Some Considerations on Cool for Young Black Men Today (Part 2)

Black Scarface

I reflected a few weeks ago on the need for alternative conceptions of cool for black youth.

While my thoughts were an indictment on my generation and the one immediately succeeding us, some critics mistakenly thought it was also one on black youth, although the latter are not without criticism.

I want, however, to reflect on two things as a follow up.

First, I had a wonderful series of conversations with my eldest son, who produces hip-hop music. He was ambivalent about what he heard the first week because he, too, had interpreted me as simply making an indictment on black youth.  But a week later he changed his tune.  “Dad,” he said.  “It’s worse than you thought.”

He went on to relate his experiences of meeting young wanna-be rappers who think the quickest way is to have a reputation premised on dangerous living.  One such young man who came to his studio valorized Brian De Palma’s Scarface (1983). He sought to be the rap version of that character. His antics included attacking a rival rapper, stripping him naked and posting the assault on public media, and then assaulting his rival’s mother on a city bus. The culmination? He was tortured, murdered, with his body left in flames in a local cemetery.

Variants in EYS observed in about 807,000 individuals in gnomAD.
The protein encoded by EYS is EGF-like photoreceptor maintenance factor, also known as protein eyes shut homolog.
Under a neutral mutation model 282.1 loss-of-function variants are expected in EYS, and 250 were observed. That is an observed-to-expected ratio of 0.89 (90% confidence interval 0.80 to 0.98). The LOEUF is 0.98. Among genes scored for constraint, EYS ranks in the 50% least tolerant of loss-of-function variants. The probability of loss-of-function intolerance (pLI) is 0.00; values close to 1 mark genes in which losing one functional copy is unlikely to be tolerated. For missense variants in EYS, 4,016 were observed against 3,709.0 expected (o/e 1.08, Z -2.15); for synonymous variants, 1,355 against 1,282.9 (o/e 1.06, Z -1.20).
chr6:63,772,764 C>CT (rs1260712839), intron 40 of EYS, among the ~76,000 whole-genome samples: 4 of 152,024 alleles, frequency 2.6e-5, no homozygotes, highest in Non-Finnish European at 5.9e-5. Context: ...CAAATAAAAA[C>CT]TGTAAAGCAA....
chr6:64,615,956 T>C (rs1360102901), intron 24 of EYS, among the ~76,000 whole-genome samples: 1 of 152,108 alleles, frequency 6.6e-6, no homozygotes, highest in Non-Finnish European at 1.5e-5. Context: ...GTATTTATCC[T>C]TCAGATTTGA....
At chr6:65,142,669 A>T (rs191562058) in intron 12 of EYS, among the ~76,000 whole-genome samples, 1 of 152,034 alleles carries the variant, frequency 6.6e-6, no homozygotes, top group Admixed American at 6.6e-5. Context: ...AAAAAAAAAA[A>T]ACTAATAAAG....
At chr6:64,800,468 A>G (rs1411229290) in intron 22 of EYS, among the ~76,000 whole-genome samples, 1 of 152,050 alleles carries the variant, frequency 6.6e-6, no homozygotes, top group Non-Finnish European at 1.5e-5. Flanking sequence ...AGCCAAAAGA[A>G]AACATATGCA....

Try as they may, young people are always seeking direction. If my generation doesn’t offer better alternatives, there is always the mythic and violent offered by popular culture.

This leads to my second reflection. We talk about youth in a problematic way in our society. It’s as if they are Peter Pan characters—stuck in permanent designations of “youth.” We forget that everyone gets older even though, sadly, not often wiser. Doom is on the horizon where he or she, when no longer “youth,” is often abandoned without having been prepared for adulthood.

And therein is our societal crime. One could only properly be youth where there is the possibility of maturation.  Without adults, the youth become the conclusion of their lives, and that means no longer really being youths.   Our society is creating the valorization of youthfulness without the proper conditions for youthful flourishing.

One of the conditions of better growth is investing in the infrastructure for a good society: excellent public schools, safe environments—physically and spiritually understood—and resources devoted to opportunities for a better tomorrow.

But children also need parents and a community of elders to whom they should aspire to be and exceed.

So my message from that previous segment returns. The best example for our children, while the struggle continues to build the better society, is for us to strive to be the best women and men we could be. We need to be the parents young people need and deserve.

© Lewis R. Gordon